We often receive question from patients about our appointment system so we felt it would be useful to create a list of our frequently asked questions (FAQs)
Why don’t you release all your future available appointments?
At present we release a carefully selected number of appointments on a daily basis. This will be a mixture of appointments offered for the same day, within a few days and within a few weeks. The number we release each day varies depending on predicted demand patterns and the number of clinicians we have available. For example we know Mondays and Tuesdays are our busiest days and will therefore look to offer more same day and future bookable appointments on those days.
If we released all our available appointment, for example over the next 6 weeks rather than a carefully selected daily amount, our demand analysis shows that within a week all 6 weeks would have be used. This would result in a wait of at least 5 weeks for any appointment.
I don’t mind waiting even for a few weeks for an appointment, why can’t you just book me in?
The reason for this is very similar to the previous answer. We need to carefully manage our future appointment availability to ensure we can provide a steady flow of appointments.
Why don’t you keep your online forms to access appointment on all the time?
We know online access provides a very convent way to request an appointment. Unfortunately the online service does not correspond to an equivalent reduction in demand for appointments over the phone. Historically we did have our online forms available all day to request appointments. This resulted in 200-300 forms being submitted per day. Each form we receive needs to be read, triaged and dealt with appropriately. It is likely to effectively meet demand for the online forms we would need to offer an additional 800-1000 appointments per week, alongside those offered as telephone appointments, a level which is unfortunately unattainable.
Why can’t I contact for an appointment via e-mail?
Our e-mail address is for general enquiries about the surgery only. We cannot accept any clinical requests via e-mail. There are a number of reasons for this:
- The e-mail is checked daily but not on an hour by hour basis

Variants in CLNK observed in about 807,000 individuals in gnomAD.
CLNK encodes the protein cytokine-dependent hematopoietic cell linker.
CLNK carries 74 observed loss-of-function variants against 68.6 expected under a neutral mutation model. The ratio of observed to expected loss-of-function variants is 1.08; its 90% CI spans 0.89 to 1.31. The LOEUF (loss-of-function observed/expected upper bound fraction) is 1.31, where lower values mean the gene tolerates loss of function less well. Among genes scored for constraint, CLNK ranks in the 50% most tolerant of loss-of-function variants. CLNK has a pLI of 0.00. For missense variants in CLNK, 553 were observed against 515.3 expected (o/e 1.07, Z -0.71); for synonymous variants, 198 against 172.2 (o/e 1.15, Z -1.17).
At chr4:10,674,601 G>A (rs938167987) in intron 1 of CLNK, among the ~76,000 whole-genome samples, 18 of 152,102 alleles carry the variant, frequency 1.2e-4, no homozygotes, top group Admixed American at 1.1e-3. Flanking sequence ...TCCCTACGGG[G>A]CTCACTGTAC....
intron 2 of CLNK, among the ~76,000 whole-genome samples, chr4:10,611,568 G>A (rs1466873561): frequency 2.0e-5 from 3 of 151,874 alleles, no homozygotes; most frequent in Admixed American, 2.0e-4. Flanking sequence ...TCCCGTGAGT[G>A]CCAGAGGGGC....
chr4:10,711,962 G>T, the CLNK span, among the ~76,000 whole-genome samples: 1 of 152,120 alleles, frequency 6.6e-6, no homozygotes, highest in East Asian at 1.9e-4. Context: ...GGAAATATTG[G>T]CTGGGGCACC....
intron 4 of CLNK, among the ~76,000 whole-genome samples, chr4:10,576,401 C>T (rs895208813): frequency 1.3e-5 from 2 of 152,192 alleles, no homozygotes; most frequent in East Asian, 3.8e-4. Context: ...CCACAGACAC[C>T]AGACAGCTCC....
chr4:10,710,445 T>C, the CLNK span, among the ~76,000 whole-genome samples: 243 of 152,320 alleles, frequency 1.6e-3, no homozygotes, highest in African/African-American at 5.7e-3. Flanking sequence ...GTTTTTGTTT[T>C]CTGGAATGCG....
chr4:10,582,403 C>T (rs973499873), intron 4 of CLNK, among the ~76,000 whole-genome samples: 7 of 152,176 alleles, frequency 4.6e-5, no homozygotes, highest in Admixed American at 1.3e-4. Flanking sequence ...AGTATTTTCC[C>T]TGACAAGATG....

- The surgery gets a large amounts of legitimate e-mails on a daily basis and any clinical queries would be intermixed with these and impossible to separate and deal with effectivelty
- Whilst e-mails are looked at by our administrative team, they are not looked at by our specialised care navigation team, who are in the best position to ensure and query is put to the correct person
- We would encounter the same set of problems which are outlines in the previous question about online form access
Why can’t I just be added to the list to see the doctor / clinician today?
We often hear this request both on the phone or when a patient is talking to our reception team. Similarly another common scenario is when a patient can see the doctor down the corridor or in their room and asks if they can quickly pop in or ask a question.
The clinicians allow for 30 clinical patient assessments per day. Some of these cases will be very complex and need significant amounts of time and input to ensure the patients needs are met. Each encounter with a patient, even if was a simple conversation in the corridor should be documented in the clinical record. It isn’t safe to keep on adding more appointments to a clinicians list. “Decision fatigue” is a well known phenomenon and you can read more about this https://en.wikipedia.org/wiki/Decision_fatigue
In addition to seeing the patients, clinicians have significant amount of administrative work. Every blood test, radiology result, urine and swab result etc needs to be looked at on a daily basis. It is not unusual for each clinician to get 30 investigation results to process every day. Some of these will be normal but some may be abnormal necessitating action that day. In addition there are a significant number of hospital letters which need to be read, referrals which need to be created following on from appointments, processing sick note requests and regular queries from community teams. Often these are done at the end of the clinic day.
All of these factors are taken into consideration when considering how many patients a clinician can realistically manage on a day. The British Medical Association suggests 26 appointments / day for each clinician so we are already working over and above this.
With all the housing developments and increase in patient number, why can’t you stop taking on new patients?
The current contact with NHS England means that we are unable to turn patients away if they request to register with us. This means that even though we are oversubscribed in terms of patient numbers we have to continue registering patients.